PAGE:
What the Health: VITAMIN INTAKE, OVERALL NUTRITION GO UP ON A PLANT-BASED DIET FROM A MEAT-BASED DIET (67:41)
Jamie Rautenberg, licensed psychotherapist: Overall nutrition is dependent on a myriad of lifestyle choices and factors and cannot be singlehandedly based on whether someone eats meat or not. It’s a subjective experience, and it also comes down to the quality of our food source. If that’s neglected, this drastically affects the amount of nutrition we receive from a meal. While recovering from severe chronic illness, I developed so many food allergies on a organic raw vegan diet that it left my body unable to obtain the vitamins and minerals it required to heal. Incorporating grass-fed and organic meats fed me the nutrition I was lacking which finally moved me toward healing. For more from Jamie Rautenberg, check out her website and her YouTube channel, The Daily Infusion. Jamie was featured on Episode #016 of The Keto Diet Podcast.
Martina Slajerova, creator of KetoDietApp.com: A common myth is that low-carb diets are low in nutrients because they exclude nutrient-dense vegetables. That is simply not true. Apart from animal products such as red meat, fatty fish, eggs and raw full-fat dairy, a well formulated whole foods based low-carb diet includes non-starchy vegetables, avocados, nuts, seeds, berries and healthy fats such as olive oil, all of which are particularly rich in nutrients. For more from Martina Slajerova, check out her website and get the app.
What the Health: TWO THIRDS OF ADULTS ARE EITHER OVERWEIGHT OR OBESE (05:56)
Christy Harrison, MPH, RD, CDN, registered dietitian nutritionist and certified intuitive eating counselor: First of all, the terms “overweight” and “obese” are stigmatizing to people in larger bodies. Both terms are categories in the body mass index (BMI) that seek to medicalize and pathologize certain body types, when in reality, being in a larger body does not necessarily mean anything about your health. BMI has been thoroughly debunked as a measure of health; a 2016 study looking at the cardiometabolic health of 40,420 people, for example, found that nearly half of the people deemed overweight and 29% of people deemed obese were metabolically healthy, and more than 30% of people deemed “normal weight” were metabolically unhealthy. By relying on BMI as a health indicator, doctors are miscategorizing and misdiagnosing millions of people, with disastrous consequences.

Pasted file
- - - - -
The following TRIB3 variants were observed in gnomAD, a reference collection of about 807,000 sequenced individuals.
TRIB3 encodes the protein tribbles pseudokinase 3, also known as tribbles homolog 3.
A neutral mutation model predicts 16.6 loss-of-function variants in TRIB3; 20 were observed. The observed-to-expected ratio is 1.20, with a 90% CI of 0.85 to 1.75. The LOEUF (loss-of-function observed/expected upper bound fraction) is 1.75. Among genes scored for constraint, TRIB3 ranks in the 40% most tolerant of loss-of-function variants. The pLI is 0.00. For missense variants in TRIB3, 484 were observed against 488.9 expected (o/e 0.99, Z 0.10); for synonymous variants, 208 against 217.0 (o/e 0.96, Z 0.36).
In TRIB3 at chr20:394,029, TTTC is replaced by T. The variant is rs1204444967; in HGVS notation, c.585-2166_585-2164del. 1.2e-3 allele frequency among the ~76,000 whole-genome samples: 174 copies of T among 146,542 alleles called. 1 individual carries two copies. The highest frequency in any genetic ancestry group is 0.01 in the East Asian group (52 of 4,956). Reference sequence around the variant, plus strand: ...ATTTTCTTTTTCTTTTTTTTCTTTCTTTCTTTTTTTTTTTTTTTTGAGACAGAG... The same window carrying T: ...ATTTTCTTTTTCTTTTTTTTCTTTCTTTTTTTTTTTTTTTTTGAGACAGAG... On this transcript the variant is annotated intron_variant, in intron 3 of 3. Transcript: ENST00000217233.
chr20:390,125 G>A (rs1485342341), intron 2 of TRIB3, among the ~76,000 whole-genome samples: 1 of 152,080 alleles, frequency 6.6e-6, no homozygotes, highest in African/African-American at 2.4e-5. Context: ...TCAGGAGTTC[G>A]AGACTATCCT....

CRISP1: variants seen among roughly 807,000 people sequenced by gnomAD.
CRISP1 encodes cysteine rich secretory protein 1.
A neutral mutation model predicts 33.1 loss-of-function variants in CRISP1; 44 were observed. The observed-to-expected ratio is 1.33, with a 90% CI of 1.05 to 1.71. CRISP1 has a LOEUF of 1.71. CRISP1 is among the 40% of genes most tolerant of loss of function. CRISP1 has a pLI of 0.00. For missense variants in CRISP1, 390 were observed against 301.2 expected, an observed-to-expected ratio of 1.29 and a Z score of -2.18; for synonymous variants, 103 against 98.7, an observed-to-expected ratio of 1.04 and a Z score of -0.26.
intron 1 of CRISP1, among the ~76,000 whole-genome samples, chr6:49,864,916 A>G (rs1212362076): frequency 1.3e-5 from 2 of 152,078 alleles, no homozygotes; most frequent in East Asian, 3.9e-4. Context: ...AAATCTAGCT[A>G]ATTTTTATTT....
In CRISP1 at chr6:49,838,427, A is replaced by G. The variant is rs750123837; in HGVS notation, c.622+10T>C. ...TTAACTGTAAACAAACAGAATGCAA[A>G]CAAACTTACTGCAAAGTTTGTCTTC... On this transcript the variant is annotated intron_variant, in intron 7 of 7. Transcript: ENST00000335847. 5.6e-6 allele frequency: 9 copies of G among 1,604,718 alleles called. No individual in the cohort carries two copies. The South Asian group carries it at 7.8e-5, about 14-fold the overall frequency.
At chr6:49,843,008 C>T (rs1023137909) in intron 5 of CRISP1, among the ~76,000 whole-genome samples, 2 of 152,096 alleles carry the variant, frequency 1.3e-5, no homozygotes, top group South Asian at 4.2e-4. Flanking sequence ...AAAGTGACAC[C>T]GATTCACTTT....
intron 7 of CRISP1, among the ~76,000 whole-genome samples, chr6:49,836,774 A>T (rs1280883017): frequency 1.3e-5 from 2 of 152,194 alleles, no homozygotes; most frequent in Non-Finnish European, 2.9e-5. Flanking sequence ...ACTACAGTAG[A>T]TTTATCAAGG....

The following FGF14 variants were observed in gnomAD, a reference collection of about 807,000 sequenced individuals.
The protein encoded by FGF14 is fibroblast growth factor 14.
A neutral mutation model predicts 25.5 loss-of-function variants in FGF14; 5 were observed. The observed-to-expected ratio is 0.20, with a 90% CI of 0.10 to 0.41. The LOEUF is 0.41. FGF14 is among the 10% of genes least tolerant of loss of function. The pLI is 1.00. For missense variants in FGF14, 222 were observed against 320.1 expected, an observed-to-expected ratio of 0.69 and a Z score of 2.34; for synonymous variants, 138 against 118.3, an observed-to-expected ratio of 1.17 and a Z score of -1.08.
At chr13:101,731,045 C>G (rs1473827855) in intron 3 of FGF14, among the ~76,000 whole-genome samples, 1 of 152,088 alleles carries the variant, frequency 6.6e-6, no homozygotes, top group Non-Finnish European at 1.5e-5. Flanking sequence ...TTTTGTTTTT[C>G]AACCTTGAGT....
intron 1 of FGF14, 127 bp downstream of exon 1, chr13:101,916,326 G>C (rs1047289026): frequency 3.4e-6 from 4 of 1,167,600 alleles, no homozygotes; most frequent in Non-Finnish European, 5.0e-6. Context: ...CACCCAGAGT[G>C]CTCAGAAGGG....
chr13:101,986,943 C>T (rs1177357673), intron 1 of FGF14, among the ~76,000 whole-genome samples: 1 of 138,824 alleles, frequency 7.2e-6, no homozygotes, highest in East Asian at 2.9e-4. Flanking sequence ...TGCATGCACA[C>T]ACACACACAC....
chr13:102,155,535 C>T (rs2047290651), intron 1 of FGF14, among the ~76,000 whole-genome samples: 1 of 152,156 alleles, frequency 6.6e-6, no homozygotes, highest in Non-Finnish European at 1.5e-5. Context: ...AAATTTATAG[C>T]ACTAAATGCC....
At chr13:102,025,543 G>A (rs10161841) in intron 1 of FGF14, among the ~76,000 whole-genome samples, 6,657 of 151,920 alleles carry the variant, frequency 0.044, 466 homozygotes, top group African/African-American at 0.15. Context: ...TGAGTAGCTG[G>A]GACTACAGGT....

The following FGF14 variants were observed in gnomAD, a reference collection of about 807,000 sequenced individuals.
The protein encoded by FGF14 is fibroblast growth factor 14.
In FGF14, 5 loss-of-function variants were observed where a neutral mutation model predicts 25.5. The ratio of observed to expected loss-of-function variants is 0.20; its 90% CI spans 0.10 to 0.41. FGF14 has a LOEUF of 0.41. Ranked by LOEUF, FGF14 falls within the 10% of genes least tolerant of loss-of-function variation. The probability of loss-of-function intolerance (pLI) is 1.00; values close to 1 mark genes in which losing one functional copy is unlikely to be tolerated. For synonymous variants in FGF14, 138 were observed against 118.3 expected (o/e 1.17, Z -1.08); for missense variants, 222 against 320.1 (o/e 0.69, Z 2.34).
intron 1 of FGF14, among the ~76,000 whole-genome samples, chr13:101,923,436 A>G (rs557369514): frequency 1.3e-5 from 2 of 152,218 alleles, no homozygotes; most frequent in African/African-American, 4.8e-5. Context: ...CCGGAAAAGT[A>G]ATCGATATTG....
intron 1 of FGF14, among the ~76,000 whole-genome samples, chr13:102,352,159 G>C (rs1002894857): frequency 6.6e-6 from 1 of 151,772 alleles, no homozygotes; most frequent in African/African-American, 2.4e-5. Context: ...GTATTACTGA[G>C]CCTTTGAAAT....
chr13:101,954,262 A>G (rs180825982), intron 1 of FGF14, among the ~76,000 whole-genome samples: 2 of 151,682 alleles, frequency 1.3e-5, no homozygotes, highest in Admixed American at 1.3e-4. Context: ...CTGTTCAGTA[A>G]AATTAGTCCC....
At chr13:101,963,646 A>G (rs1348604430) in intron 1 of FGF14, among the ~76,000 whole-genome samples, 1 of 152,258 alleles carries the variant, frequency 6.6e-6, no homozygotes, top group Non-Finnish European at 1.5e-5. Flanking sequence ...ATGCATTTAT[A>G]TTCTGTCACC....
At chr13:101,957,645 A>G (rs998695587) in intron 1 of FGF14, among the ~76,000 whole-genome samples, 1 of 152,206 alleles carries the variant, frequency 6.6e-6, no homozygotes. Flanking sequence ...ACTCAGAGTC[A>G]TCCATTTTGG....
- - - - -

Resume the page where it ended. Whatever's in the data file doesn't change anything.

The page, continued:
One of the reasons this miscategorization is so harmful is that weight stigma (aka feeling like a failure because you’re in a larger body) and weight cycling (aka yo-yo dieting in repeated attempts to lose weight) are both linked to worse health outcomes, such as increased risks of cardiovascular disease and even death. And since 95% or more of diets fail, basically all diets are yo-yo diets, and almost everyone who goes on a diet ends up weight cycling. In terms of health—both physical and mental—people would actually be better off learning to accept their bodies at their current size than they would if they tried to lose weight, and the “obesity epidemic” rhetoric is causing more harm than good. For more from Christy Harrison, check out her website, her podcast: Food Psych, and get more information about her intuitive eating course. Christy was featured on Episode #005 of The Keto Diet Podcast.
What the Health: WITHIN MINUTES OF EATING DEAD MEAT BACTERIA TOXINS, THE BODY GETS A BURST OF INFLAMMATION, STIFFENING OR PARALYZING THE ARTERIES (14:17)
Meg Doll, a nutritional consultant who specializes in disordered eating recovery, self-love, and healing with a high-fat eating style: As someone who sat down to watch What the Health without knowing anything about it previously, ie. an open mind, I was soon left speechless and with my jaw on the floor. When choosing animal meat, including red meat, from properly sourced animals, such as grass fed cows, the body is delivered nutrients that actually have powerful anti-inflammatory effects. As a Registered Holistic Nutritionist, I know the nutrients we need to reduce inflammation within our body come from real food sources, including grass fed beef and other properly sourced red meats. Unfortunately, this documentary makes claims and statements that are completely opposite to what is actually truth. For more from Meg Doll, check out her website, her Instagram, and her podcast with Shawn Mynar: The Nourished Podcast. Meg was featured on Episode #019 of The Keto Diet Podcast as well as Episode #036 of The Keto Diet Podcast.
What the Health THE FOOD THAT YOU EAT DETERMINES THE BACTERIA THAT LIVE IN YOUR GUT [so don’t eat meat!] (68:18)
Shawn Mynar, NTP, CPT, RWP, a holistic health practitioner nutritionist: We can definitely use food to nourish the bacteria in our gut, however meat really doesn’t have much to do with it at all. Eating fresh vegetables, fruits, nuts, and seeds will provide the fiber that our gut bacteria thrive on. Processed foods and sugar, our environment, and antibiotics are the real culprits for damaging our microbiome, not meat. A diet that contains high-quality, unprocessed meat will still be very good for our gut bacteria as long as it also includes the veggies we need to thrive! For more from Shawn Mynar, check out her website, her Instagram, her podcast with Meg Doll: The Nourished Podcast, and her podcast: The Keto for Women Podcast. Shawn was featured on Episode #036 of The Keto Diet Podcast.
There are plenty of other resources to check out, too — I highly recommend:
Chris Kresser’s commentary on his podcast, Revolution Health Radio
I hope this empowers you to consume information wisely, digest what you’ve explored, and make decisions that promote wellness in a way that works for your body.
HI! I’M LEANNE
Nutrition educator + keto enthusiast. I want to live in a world where every woman loves her body, nourishing fats are enjoyed at every meal, and the word “restriction” isn’t in the dictionary.